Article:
Loring  and   acknowledged   the   above   Instrument 
to  his    free    (act)   and  deed,    Before  Me, 
Nathan  Brooks,    Justice   of   the  Peace, 
Middlesex   ss.    Sept.    14,    1844.    Rec'd&  Recorded 
by  Henry   Stone    (?),    Reg. 

John  Thoreau   to  Aug.    Tuttle 

Know  all  Men  by   these  Presents,    That   I, 
John  Thoreau  of  Concord   in  the  County  of 
Middlesex  and  Commonwealth  of  Massachusetts, 
Yeoman, in  consideration  of   five  hundred 
dollars   paid  by  Augustus   Tuttle   of  Concord 
aforesaid,    Yeoman,    the   receipt  whereof   I   do 
hereby   acknowledge,    do  hereby  give,    grant, 
sell   and   convey  unto   the   said  Tuttle,    a   cer- 
tain  tract   of   land    lying   in   said  Concord   as 
follows,    commencing   at    the    southeasterly 
corner  on  a   street   and   by   land   of  Nathan  W. 
Brooks,    running   northerly   on   said   Brooks 
land   one  hundred   and   seventy   seven   feet    to 
a   stake   &   stones,    thence  westerly1 on   land 
of  David  Loring  one  hundred   &   eighty   feet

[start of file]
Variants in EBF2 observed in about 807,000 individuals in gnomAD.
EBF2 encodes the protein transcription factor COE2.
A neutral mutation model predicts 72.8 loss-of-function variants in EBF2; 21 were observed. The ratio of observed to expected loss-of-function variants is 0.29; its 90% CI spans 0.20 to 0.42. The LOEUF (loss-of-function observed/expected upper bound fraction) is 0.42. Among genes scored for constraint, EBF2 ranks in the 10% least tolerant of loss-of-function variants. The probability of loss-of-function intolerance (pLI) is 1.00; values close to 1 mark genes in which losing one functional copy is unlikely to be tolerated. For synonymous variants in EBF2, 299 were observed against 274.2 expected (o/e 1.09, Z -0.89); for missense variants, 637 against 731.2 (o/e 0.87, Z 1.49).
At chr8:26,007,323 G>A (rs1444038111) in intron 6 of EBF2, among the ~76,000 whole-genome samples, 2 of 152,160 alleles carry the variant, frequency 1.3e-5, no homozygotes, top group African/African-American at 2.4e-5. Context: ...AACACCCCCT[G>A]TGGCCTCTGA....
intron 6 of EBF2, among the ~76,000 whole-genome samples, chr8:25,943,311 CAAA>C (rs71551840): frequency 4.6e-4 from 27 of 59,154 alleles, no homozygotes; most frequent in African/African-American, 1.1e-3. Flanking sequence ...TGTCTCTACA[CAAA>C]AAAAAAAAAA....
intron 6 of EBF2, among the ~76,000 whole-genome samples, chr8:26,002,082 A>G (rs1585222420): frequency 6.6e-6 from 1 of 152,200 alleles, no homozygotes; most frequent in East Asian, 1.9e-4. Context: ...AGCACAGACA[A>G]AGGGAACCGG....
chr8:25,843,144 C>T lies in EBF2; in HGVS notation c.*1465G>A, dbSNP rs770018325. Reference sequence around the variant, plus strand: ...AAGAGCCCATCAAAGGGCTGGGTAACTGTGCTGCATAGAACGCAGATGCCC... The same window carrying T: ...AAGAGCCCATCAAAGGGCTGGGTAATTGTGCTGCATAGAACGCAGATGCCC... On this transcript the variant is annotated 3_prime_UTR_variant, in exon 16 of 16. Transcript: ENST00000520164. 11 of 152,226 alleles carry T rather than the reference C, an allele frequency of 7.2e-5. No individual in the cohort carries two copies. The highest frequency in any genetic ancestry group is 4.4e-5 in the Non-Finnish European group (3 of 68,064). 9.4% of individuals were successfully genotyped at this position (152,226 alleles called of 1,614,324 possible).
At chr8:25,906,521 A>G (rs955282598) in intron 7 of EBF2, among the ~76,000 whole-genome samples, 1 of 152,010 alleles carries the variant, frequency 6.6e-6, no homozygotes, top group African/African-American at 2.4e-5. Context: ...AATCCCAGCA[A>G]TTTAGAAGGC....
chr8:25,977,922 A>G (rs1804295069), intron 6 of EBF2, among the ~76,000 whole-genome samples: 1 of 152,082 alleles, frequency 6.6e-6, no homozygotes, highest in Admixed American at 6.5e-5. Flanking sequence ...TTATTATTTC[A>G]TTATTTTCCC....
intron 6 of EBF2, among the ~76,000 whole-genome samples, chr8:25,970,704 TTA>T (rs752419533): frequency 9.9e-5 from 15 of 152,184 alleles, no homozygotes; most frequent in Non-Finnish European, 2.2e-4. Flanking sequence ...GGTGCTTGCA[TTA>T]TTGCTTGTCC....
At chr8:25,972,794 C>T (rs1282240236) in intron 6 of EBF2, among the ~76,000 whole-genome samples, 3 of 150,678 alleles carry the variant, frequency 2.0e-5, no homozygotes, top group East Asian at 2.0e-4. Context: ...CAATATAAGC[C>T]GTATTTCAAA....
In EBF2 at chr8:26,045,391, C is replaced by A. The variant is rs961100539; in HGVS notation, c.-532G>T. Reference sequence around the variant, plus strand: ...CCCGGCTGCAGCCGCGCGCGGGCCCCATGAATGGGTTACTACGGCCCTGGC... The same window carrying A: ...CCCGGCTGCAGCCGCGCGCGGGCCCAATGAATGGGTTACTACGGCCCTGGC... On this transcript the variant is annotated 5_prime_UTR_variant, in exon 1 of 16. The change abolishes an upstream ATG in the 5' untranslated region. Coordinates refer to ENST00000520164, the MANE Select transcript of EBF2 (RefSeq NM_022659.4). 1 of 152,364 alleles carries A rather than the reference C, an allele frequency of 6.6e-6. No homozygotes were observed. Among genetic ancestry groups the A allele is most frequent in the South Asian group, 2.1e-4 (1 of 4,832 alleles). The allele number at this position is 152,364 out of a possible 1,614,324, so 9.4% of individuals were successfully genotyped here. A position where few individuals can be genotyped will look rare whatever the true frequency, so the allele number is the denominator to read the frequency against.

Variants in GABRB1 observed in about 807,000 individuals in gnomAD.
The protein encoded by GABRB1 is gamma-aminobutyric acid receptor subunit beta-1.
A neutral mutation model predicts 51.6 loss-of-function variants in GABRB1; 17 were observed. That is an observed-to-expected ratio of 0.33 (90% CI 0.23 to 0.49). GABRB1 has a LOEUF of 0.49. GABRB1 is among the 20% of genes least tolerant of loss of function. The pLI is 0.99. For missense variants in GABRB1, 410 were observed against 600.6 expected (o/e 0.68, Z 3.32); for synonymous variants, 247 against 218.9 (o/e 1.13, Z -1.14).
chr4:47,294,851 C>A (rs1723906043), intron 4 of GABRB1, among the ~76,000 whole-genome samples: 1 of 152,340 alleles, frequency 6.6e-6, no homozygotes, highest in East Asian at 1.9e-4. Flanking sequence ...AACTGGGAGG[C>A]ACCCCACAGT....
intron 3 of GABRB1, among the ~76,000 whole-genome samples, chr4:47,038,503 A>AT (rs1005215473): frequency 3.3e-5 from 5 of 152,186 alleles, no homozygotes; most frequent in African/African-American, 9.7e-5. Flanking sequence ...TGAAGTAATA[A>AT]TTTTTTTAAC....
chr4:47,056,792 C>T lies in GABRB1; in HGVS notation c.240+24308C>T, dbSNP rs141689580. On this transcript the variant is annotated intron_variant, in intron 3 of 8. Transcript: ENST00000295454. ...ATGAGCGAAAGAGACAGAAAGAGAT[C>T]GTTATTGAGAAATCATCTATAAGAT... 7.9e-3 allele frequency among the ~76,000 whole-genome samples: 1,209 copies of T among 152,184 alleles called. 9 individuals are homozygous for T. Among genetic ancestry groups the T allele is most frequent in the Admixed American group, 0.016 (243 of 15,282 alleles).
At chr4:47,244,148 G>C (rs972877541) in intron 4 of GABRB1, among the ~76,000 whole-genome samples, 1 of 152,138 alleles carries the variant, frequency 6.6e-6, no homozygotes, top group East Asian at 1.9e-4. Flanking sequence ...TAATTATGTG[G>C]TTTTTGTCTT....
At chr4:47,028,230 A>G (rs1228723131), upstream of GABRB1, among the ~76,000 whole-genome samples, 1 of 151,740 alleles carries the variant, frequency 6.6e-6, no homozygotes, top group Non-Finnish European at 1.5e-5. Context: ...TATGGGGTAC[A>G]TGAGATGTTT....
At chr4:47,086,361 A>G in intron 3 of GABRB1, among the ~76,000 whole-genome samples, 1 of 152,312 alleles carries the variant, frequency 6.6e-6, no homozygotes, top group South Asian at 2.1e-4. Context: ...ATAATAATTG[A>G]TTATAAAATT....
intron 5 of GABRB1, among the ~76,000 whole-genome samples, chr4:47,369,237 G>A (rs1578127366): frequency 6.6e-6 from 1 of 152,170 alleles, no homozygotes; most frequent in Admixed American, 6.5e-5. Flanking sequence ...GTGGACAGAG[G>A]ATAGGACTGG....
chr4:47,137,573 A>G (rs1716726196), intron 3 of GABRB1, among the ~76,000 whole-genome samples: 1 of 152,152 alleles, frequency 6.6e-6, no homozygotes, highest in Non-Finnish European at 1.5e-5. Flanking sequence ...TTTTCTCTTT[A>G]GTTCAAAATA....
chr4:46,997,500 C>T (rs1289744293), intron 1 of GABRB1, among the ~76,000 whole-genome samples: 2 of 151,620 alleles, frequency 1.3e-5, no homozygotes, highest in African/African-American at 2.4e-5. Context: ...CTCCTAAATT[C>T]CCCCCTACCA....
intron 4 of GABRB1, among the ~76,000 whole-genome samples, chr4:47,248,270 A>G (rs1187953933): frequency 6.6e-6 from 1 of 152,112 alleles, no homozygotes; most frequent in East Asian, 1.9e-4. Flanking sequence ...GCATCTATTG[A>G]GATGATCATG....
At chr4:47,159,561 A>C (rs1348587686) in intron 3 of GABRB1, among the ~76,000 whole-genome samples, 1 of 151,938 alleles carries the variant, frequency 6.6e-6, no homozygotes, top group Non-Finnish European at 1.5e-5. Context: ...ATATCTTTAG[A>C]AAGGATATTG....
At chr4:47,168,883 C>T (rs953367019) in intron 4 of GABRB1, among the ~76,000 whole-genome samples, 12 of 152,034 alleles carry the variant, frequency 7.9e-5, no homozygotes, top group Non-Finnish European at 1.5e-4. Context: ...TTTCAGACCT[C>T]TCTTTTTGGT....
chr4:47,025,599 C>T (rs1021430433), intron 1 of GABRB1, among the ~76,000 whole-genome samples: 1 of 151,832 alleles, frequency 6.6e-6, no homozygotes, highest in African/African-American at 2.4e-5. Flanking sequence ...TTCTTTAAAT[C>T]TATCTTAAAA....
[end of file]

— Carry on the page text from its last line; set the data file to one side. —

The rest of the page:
to    a    stake    &    stones,     thence    southerly   on 
land   of   said   Loring    two   hundred    and    five 
feet    to   said   street,    thence   easterly  on 
said    street  one  hundred    &    seventy    five    feet 
to   the  bound   first  mentioned   containing 
about   three   fourths   of  an  acre  with  a  dwell- 
ing  house   on   the    same. 

To  Have   and   to  Hold    the   aforegranted 
premises   to   the   said  Augustus   Tuttle,    his 
heirs   and   assigns    to  his   and   their   use   and 
behoof   forever.    And   I   do  covenant  with   the 
said  Tuttle  his  heirs   and   assigns,    that   I 
am   lawfully   seized   in   fee   of   the   aforegrant- 
ed premises:    that    they  are   free   of  all   in- 
cumbrances,   that    I  have   good   right   to   sell 
and   convey   the   same    to    the   said  Tuttle   and 
that    I   will   warrant    and   deferd:    the    same 
premises    to   the   said   Tuttle,    his   heirs   & 
assigns    forever,    against    the   lawful   claims 


<0 


and  demands  of  all  persons.   Provided 
nevertheless,  That  if  the  said  John  Thoreau, 
his  heirs,  executors  or  administrators  pay 
to  the  said  Tuttle,  his  heirs,  executors, 
administrators  or  assigns  the  sum  of  five 
hundred  dollars  in  five  years  with  interest 
semi-annually,  then  this  deed  as  also  a